Can My BIOS Be Fixed?
Q: I need help to either recover or replace my AMIBIOS. I tried to update the BIOS inside of Windows using the AMIFlash. It said it failed, so I gathered the tools to do it in DOS. When I rebooted, I got nothing — no beeps, no lights, just the power supply, fan and heatsink. Any ideas?
A: This one is very hard, and the AMIBIOS might not be recoverable at all. One of my main recommendations is don’t update your BIOS unless you have a spare set available.
Before discussing some recovery techniques, let’s first outline what the BIOS is. BIOS stands for Basic Input/Output System, and it’s the first set of commands that a CPU will execute when the computer is powered on. It will set the initial ways your hardware components will communicate with you and each other.
The BIOS software is stored on a memory chip that’s not volatile (i.e., erased when turned off). The user settings part in it — which defines which device is your first boot device (CD/DVD, USB or hard drive) — is volatile, but is backed up using a battery when the computer is turned off.
Prior to the early 1990s, BIOS programs were stored in read-only memory (ROM) or programmable read-only memory (PROM) chips, which could not be altered by users.
As the complexity of BIOS and the need for updates increased and reprogrammable parts became available more easily, BIOS firmware was stored on memory chips that allowed updates.
The updatable memory chips are subject to the risk that an improperly executed or aborted BIOS update could render the computer or device unusable.
To avoid these situations, the more recent BIOS use a “boot block” — a portion of the BIOS that runs first and must be updated separately. This code verifies if the rest of the BIOS is in good shape and can do its part before transferring control to it. If the boot block detects any corruption in the main BIOS, it will usually warn the user that a recovery process must be initiated by booting from removable media — CD or USB memory — so the user can try flashing the BIOS again.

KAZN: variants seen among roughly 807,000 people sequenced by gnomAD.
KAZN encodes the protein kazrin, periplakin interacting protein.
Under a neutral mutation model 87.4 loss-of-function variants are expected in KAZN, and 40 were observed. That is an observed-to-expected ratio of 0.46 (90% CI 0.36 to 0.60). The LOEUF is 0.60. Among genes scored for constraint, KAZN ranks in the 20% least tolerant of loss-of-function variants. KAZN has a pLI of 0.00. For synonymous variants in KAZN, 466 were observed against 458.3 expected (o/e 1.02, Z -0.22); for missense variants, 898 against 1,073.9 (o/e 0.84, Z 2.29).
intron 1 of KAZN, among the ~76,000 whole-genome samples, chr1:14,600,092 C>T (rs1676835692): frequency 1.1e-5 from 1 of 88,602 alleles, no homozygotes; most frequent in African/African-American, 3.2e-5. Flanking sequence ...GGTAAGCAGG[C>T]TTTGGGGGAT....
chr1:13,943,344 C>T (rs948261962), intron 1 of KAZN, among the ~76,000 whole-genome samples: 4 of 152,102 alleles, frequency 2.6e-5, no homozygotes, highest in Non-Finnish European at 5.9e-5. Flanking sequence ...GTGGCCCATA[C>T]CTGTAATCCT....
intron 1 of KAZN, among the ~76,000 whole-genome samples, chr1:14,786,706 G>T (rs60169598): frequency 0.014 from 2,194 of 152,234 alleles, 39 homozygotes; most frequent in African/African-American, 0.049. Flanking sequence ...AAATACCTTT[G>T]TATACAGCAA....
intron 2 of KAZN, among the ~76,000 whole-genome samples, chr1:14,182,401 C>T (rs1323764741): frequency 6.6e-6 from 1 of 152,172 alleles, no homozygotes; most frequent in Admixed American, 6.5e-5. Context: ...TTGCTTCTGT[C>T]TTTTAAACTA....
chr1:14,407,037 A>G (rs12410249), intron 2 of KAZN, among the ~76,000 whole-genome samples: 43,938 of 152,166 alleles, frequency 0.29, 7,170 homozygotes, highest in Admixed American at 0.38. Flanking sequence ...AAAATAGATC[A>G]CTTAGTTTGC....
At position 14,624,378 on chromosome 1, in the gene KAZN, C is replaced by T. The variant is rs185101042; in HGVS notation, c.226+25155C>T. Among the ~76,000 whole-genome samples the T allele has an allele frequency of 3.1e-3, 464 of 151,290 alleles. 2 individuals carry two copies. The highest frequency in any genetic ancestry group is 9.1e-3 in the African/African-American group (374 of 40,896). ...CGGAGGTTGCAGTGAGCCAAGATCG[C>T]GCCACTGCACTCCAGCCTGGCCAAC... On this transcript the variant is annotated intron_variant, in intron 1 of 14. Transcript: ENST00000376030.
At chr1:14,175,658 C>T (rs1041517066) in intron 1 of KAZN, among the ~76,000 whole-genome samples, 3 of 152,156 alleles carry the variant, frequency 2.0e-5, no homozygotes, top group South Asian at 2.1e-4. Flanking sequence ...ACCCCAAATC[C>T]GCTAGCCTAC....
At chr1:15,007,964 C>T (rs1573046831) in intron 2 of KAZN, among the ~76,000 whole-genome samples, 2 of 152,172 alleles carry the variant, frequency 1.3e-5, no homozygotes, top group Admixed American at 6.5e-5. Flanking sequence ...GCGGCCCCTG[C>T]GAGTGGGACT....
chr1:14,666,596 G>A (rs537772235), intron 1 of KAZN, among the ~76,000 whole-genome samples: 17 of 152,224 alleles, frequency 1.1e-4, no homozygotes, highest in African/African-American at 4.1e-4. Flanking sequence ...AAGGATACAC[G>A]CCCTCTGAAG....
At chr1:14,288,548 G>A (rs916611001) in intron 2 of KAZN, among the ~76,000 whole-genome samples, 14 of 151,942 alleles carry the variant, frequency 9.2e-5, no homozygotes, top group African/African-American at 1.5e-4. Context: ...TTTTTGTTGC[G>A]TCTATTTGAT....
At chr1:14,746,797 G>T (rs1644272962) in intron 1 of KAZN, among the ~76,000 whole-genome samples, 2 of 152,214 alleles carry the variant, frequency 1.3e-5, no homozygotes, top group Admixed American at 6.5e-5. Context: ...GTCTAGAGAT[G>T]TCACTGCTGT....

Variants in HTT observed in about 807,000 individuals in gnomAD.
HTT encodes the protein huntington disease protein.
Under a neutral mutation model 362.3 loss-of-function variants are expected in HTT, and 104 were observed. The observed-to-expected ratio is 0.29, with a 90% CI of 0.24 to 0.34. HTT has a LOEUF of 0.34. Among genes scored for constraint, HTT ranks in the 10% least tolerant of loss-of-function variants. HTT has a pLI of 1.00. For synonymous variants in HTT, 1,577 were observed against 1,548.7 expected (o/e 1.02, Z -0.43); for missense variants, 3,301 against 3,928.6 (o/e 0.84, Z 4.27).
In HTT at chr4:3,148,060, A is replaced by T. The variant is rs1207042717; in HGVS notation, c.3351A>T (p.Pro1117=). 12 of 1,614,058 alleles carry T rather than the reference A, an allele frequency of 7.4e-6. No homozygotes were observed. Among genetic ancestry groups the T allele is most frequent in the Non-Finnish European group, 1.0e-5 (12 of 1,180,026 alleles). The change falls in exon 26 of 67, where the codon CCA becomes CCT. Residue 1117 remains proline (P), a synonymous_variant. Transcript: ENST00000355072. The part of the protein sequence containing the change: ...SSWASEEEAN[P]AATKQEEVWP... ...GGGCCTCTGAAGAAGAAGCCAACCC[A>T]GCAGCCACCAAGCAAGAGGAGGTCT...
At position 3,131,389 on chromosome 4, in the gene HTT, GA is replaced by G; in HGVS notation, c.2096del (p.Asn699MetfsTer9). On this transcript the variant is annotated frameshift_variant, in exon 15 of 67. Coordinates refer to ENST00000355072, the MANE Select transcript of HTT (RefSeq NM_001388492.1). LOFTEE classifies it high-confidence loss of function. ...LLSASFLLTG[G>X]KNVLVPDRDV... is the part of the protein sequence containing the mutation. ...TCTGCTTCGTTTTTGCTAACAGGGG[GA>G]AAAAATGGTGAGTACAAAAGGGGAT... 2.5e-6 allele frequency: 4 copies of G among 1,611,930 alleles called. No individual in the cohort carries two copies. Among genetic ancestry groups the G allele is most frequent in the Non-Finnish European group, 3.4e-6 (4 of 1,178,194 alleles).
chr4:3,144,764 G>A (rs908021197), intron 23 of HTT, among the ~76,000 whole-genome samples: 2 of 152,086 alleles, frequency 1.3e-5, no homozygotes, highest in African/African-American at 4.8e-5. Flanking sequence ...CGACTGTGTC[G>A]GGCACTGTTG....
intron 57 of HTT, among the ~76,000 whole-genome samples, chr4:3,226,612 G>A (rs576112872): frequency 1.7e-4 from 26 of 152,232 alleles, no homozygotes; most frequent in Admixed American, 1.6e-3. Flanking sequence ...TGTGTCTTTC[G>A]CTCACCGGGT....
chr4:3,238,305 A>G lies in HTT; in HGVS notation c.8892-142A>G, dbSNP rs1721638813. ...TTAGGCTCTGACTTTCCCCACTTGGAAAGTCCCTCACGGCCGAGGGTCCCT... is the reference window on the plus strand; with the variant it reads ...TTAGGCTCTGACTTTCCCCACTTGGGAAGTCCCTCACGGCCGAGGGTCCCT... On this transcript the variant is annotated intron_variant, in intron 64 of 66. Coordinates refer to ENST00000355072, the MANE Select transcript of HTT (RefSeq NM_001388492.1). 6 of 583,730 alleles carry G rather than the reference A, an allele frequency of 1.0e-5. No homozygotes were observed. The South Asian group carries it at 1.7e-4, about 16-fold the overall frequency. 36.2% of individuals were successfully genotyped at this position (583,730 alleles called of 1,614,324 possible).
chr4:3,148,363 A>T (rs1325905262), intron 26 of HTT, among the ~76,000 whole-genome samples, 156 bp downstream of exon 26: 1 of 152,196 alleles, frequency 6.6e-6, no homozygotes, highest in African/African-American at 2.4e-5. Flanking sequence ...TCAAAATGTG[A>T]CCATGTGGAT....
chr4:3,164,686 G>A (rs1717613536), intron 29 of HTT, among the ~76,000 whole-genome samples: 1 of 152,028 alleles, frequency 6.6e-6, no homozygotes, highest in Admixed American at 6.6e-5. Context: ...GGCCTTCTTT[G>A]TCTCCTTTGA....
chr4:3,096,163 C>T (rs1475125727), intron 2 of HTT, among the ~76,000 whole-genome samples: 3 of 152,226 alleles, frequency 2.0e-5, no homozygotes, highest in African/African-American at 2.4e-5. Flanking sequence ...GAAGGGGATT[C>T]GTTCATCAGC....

Some motherboards have a backup BIOS (Dual BIOS boards) to recover from BIOS corruptions. According to your description, your BIOS isn’t communicating at all since the beeps and the display output are coming from it.
This may still be recoverable by booting from a CD-ROM. You can predict the probability of this by observing the way your computer boots. In this nonfunctioning mode, if the drive light goes on and then off — as if the computer is trying to find something in there — you may have a chance. If the light doesn’t come on, however, you’re probably out of luck.
During the recovery process, it’s critical to download the correct file from your motherboard manufacturer or from AMI (American Megatrends Inc.), since there are many flavors of motherboards and AMI is custom-making the BIOS software. There is a BIOS identification guide on AMI’s Web site.
Once the file is identified and downloaded, rename the file to the name AMIBOOT.ROM and place it on a blank CD. The media does not need to be bootable for this to work.
Insert the floppy or CD in the computer and reboot while holding the CTRL+HOME keys. If everything’s going according to plan, your BIOS should update.
Be patient, as this process can take a few minutes. When it’s done, you should hear four beeps. Then, remove the floppy or CD and reboot.
If the procedure outlined above didn’t work, you may either need to replace the motherboard or the BIOS component, if it’s a BIOS that can be removed. 8
Avner Izhar, CCIE, CCVP, CCSI, is a consulting system engineer at World Wide Technology Inc., a leading systems integrator providing technology and supply chain solutions. He can be reached at email@example.com.